Hello everyone, I have recently picked up a 1968 1500 Bug a few months back. The 1500 is mainly stock, except for now having an Empi GT style exhaust. I had a bad Solex carb, and in replacing it, I chose to get what I had thought was a Weber Progressive Carb, brand new from a vender at the Pomona swapmeet. However, yesterday an employee at Save A Bug, believes that the Carb is a knock off and is probably an Empi.
Anyways in purchasing this carb at the swapmeet, I didn't receive any paper work or instructions at all on the Carb, and installed it with the aid of my uncle, who is pretty familiar with Volkswagons, because he had a ghia and ripped it all apart. Anyways we managed to install the carb and got everything hooked back up, however I am at a loss for what to do in regards to tuning it or if I'm in need of smaller jets.
When the car fires up, its idle is racing and is running extremely rich, and does not run for long, it usually shuts off after a few seconds unless I apply gas.
I am a complete noob to carbeurators and since I really don't have any instructions and now don't really know exactly what type of carb this is, I am lost. I was also wondering if this Carb would be too much for this engine since it is all stock, and I really have no plans of beefing it up; or do I just need to adjust the timing, or get smaller jets?
If anyone has any suggestions, they would be highly appreciated, I am completely lost, and really need to get this car mobile once again. haha
If you have an EMPI progressive, you got hosed. Get a real Weber DFAV/DFEV.
Don't run a 009 or other centrifugal only distributor. They suck! Run our SVDA, it will make your tuning job MUCH easier. Good progressive carbs HAVE the proper port for the SVDA, if they do not you got a chinese copy or an old (ie: obsolete) progressive, and you will HAVE no other choice but to run a 009/010, but you will NOT have optimal tuning results like you would if you had a SVDA.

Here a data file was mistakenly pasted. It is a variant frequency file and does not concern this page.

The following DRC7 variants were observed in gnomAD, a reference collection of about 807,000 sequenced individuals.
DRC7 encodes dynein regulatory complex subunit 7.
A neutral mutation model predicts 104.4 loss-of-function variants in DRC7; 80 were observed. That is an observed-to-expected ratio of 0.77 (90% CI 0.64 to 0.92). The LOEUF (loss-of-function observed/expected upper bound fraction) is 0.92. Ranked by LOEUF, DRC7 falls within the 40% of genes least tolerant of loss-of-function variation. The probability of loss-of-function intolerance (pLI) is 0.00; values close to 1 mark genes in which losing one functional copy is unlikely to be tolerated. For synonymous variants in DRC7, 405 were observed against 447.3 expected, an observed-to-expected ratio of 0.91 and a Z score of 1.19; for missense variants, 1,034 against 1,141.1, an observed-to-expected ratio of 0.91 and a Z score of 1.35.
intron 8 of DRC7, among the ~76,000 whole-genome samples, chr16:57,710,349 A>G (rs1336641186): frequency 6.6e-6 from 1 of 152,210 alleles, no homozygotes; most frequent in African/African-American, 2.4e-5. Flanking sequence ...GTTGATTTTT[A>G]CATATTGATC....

Centermount Progressives NEED intake heat, and lots of it. This is why a progressive on a T4 WILL NOT WORK. It's so bad and unfixable, we do not even sell the kits that are available for the T4. It will not work, do not ask, because the answer is "get dual carbs". Nuff' Said.
On a T1, the stock muffler is setup perfect, just make sure they are clear. But if you have an aftermarket header with the flanges on #2 and #4 primaries, you must relocate one of them to the collector (like the stock muffler!) to get good preheat. Don't be a lazy ass and think you are special and that these rules don't apply to you. Just relocate one to the collector, with some small steel tubing, and weld/braze it in place. Or have the guy at the muffler shop do it, it's an easy job for him.